Where to find James M. Weil online
Where to buy in print
Life in a Swiss boarding school is idyllic for Drew Smith. Captivated by the beauty of the Swiss Alps, he is also in love with the girl of his dreams, Alexandra Cavalletti, a young aristocrat from Rome.
His world is ripped apart when he and Alexandra are expelled from school after being caught making love in the woods one night. Drew goes home to a broken family, and all that he has come to expec
The Last Summer
A nostalgic look at a high school summer romance from the point of view of an abused young man, whose upbringing prevents him from expressing his true feelings to the young girl he loves with all his heart. A painful, touching story of what happens to us when all we know is abuse and neglect.
The War Machine
(2.00 from 2 reviews)
A factory laborer destroys the machine he works on after finding out he is a cog in the instrument of war. One of my earliest stories, The War Machine won second place in a short story contest at Mesa College in San Diego in 1987. It was published in two places: Inword Journal and The Mesa Press; March 9, 1987. The restriction was 2,000 words.
Turpitude & Bad Financing
A misguided middle-aged man deals with the heartbreak of losing the love of his life, his job, his marriage, and ultimately his loss of self. A painful, brutally honest dissection of a man on the edge and what he will do to win back his identity, even though he is sitting on a house of cards.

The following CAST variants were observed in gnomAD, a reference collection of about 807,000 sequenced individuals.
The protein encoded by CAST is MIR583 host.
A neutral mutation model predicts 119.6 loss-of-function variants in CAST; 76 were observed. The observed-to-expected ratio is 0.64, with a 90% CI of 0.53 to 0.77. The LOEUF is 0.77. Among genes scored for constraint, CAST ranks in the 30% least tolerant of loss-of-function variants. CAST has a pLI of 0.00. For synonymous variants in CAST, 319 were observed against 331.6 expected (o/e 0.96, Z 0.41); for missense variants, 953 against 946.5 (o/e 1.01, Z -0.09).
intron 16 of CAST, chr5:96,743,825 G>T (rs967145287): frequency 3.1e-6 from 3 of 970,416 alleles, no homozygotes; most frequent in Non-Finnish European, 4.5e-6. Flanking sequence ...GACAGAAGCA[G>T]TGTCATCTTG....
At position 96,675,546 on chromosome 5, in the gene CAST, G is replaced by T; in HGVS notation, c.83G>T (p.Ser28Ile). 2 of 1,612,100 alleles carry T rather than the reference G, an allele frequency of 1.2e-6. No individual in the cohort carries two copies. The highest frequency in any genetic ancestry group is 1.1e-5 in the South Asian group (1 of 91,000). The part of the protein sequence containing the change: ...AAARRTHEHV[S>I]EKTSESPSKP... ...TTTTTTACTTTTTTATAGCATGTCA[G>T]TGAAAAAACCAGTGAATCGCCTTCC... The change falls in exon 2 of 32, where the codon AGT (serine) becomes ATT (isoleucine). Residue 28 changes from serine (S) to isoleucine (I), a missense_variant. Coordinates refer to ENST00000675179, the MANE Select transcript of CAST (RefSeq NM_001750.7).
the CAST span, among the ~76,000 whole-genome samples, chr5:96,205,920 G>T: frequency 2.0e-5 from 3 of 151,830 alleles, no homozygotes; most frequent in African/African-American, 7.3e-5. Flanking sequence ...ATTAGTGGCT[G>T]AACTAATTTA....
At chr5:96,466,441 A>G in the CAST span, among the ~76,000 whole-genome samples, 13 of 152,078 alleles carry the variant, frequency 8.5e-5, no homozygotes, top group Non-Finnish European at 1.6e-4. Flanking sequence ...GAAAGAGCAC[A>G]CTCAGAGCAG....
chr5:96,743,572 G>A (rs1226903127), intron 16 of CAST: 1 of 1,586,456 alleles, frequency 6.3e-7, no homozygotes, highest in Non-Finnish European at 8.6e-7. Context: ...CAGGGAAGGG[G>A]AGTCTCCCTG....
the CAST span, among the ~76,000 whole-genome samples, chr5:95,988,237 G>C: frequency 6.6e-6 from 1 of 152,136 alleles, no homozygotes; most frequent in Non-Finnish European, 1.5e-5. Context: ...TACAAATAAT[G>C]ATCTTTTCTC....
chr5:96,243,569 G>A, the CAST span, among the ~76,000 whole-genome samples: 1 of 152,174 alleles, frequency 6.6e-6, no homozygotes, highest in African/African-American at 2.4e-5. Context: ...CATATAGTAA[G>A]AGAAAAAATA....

A moving story about a young man trapped in the turmoil of a family that has gone astray. Harmony House won first place in Dailey Swan Publishing’s 2011 Short Story Contest. Hundreds of stories were submitted from all across the country. The top forty were chosen and posted on Dailey Swan Publishing’s website and scribd.com. The winners were decided by reader choice.
The Dance Teacher
A writer decides to take up salsa and falls for his temperamental dance teacher, leaving him wondering whether he is actually in love, or simply infatuated with the idea of being in love. A somewhat comedic look at the foibles of two artists, struggling with their demons as they dance their way through a myriad of nuances and mixed signals.
(5.00 from 2 reviews)
The cafeteros in Colombia get forced into growing coca after the bottom drops out of the coffee market. The guerrillas get involved and then all hell breaks loose when the military gets wind of it and tries to force them out. It is told from the eyes of a nineteen-year-old girl who hires a coyote to bring her across the Arizona border after her entire town and family are decimated by bloodshed.
A very racy book about a man who is in danger of falling over the abyss of his own madness, and is brought back from the edge by the love of his hooker.
James M. Weil’s tag cloud
Smashwords book reviews by James M. Weil
- Milk Run
on June 29, 2012
Beginners often neglect the essentials of grammar and punctuation. Also, solid sentence structure is paramount for good story telling. Nice effort. Keep writing.
~ James M. Weil